BLOG: Market economy, commons economy and Soma catastrophe
Zeki Ergas (*)
Thousands of people, some carrying mock coffins for the victims, march to protest the Soma mine disaster that killed 301 miners last week, in Istanbul, Turkey, Sunday, May 25, 2014. The writing at the center reads: " I have been killed in Kozlu (mine) "(AP Photo/Emrah Gurel)
A market economy is profit-oriented; a commons economy is people-oriented. A healthy economy is one that has an equilibrium or balance between the two. When the two are in imbalance or disequilibrium, then the economy is unhealthy and catastrophes like the one in Soma happen. Imbalance or disequilibrium between the two means that too much emphasis is put on a profit-oriented market economy. The latter, these days called a neo-liberal economy, is based on private enterprise. Productivity is its central concern because it allows the generation of enough income in the form of profits for investors and wages, salaries and bonuses for the managers, employees and workers.
A healthy economy requires an acceptable degree of sharing or distribution of the income generated by the market economy. That produces the balance or equilibrium that is indispensable in a healthy economy. Assuming that it ever existed, which is not necessarily the case, that balance or equilibrium has been quite drastically broken in Turkey lately and, as a result, catastrophes like that in Soma occur. Greed is a basic element in the loss of an acceptable balance or equilibrium, because it allows corruption to get out of hand. In the present situation, that manifests itself in investors and managers getting a disproportionately bigger part of the economic pie, and the workers and employees receiving a disproportionately small part. That is not only an unhealthy situation, but one that is also dangerous because it could lead to social unrest, confrontation, conflict and even civil war.
How, or what to do, to bring back a healthy economy that is in equilibrium or balance? This is where the commons economy comes in. In fact, a people-oriented commons economy has always existed. But, in the last 30 years or so, it has developed considerably thanks to the work of researchers such as Elinor Ostrom, Peter Barnes, Peter Linebaugh, James Quilligan and Silke Helfrich. Ostrom, who passed away in 2012, was awarded the Nobel Prize for Economics in 2009 for her work on the subject. She was the first woman to win it. Her book “Governing the Commons,” published in 1990, in which she developed the concept of Common Pool Resources (CPRs) is now considered a classic. In it, she gives many examples of successful CPRs, such as the Mongolian grasslands management system, the lobster fisheries in Maine, and the Acequia irrigation systems in New Mexico.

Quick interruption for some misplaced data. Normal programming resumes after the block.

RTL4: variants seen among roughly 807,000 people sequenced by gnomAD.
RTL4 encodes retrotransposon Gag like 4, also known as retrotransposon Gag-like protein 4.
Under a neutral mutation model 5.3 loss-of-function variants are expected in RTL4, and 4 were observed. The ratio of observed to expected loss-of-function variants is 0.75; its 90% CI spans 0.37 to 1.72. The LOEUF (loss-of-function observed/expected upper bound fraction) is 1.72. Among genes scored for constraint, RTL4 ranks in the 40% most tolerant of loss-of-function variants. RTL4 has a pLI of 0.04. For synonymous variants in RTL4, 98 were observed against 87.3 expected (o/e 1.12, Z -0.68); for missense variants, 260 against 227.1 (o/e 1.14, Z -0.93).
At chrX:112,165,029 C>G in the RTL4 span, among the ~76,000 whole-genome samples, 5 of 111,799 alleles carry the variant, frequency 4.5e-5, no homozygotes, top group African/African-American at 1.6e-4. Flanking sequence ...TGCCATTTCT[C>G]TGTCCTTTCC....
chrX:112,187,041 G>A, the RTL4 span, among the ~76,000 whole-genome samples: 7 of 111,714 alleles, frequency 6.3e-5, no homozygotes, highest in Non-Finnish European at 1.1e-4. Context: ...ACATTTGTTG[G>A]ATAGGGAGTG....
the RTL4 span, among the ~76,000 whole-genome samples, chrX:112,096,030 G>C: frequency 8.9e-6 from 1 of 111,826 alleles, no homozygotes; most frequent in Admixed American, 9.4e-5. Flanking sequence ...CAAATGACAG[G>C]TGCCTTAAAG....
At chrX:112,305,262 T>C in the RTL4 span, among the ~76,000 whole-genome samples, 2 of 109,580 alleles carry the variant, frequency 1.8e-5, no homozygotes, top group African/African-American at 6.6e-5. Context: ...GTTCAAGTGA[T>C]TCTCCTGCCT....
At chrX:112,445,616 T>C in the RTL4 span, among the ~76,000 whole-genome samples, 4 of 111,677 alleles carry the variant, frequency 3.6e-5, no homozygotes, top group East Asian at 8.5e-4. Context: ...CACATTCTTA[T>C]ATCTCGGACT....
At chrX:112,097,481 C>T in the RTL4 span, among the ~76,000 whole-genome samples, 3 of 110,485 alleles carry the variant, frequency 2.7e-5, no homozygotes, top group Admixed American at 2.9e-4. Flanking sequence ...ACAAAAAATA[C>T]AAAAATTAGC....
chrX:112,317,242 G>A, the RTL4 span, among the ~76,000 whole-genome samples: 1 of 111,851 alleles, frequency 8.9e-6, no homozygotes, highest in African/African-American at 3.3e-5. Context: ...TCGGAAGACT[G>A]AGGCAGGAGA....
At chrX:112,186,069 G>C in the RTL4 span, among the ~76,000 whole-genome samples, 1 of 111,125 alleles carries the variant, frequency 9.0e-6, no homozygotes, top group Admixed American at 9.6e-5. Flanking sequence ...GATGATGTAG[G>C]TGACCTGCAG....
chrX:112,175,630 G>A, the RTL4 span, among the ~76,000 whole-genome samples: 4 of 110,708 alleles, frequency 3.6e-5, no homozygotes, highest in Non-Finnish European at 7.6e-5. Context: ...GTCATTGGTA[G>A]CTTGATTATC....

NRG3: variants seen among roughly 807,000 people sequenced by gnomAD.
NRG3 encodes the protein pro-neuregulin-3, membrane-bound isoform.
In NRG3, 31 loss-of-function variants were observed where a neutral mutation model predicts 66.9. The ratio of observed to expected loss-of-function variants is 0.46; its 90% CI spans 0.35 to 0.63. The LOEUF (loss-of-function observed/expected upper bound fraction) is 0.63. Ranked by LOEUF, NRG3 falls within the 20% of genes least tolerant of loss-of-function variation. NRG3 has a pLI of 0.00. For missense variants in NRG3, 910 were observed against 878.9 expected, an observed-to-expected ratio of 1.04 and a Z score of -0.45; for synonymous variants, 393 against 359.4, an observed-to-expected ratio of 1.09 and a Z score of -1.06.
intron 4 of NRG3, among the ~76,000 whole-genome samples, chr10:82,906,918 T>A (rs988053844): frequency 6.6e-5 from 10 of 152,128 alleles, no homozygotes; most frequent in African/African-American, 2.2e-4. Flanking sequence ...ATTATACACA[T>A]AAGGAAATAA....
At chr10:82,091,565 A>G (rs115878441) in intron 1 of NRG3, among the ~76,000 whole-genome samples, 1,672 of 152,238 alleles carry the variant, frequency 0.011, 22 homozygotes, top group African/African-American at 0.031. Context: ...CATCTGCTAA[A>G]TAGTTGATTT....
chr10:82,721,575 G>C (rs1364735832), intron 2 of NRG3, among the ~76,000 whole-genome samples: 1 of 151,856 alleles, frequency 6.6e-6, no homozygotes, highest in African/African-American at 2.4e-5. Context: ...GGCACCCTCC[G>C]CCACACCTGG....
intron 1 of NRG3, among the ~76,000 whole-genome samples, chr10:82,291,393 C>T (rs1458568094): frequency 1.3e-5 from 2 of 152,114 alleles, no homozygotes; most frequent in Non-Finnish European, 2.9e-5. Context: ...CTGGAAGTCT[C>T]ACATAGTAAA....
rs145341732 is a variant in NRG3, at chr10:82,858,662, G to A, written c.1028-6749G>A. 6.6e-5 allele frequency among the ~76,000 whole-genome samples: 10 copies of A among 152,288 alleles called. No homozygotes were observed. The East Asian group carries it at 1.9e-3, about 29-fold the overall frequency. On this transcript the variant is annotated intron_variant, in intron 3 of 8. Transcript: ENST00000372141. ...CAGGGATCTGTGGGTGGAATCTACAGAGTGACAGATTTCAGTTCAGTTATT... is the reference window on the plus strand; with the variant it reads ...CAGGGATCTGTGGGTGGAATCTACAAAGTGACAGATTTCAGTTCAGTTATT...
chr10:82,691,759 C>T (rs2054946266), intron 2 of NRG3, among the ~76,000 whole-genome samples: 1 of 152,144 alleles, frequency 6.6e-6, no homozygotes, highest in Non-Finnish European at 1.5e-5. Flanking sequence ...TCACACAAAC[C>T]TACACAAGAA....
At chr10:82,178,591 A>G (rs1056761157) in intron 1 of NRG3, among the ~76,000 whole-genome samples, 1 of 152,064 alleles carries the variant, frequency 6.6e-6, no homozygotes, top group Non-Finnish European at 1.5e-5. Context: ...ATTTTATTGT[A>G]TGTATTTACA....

Quilligan, meanwhile, in his essay “The Political Economy and the Inclusive Commons,” writes: “The Commons ... allow the traditional model of property ownership, based on utility, self-interest and profit, to be replaced by a new framework ... based on trust, quality of life and well-being.” The commons economy makes a fundamental distinction between resources and gifts. Resources include agricultural land, mineral and fossil fuel resources, forests, rivers, lakes, aquifers, grazing lands, fisheries, and so on, which can be owned privately or publicly, or shared by communities. For gifts such as the air, water, languages, genetic codes, music, national parks, the Internet, and so on, which are owned by communities, three important rules apply: 1) They cannot, and should not, be “commodified,” that is, bought or sold; 2) They are “inclusive,” as opposed to “exclusive,” that is, they belong to everyone and not to an individual or a corporation; 3) They must be protected and passed on to the future generations intact, that is, undamaged by overuse or over-exploitation. It is important to remember that the commons is everywhere, but that it can often be invisible, and that which is invisible can be destroyed by the forces of greed and profit. As a result, we only become conscious of its enormous value to us when it is no longer there because it has been destroyed.
To conclude, it may be time to establish a healthy and balanced economy in Turkey, to start paying close attention to the ways and means of expanding the commons economy. This is the necessary condition of a balanced and healthy economy in which catastrophes like that which occurred in Soma, as well as serious social unrest, would not happen.
(*) The author, a leading member of PEN International’s Writers for Peace Committee, is a political economist who teaches in Hacettepe University’s Master’s Program of Peace and Conflict Studies. He is also writing a family saga, the second volume of which is set between 1929 and 1945 in Turkey, Palestine and the United States.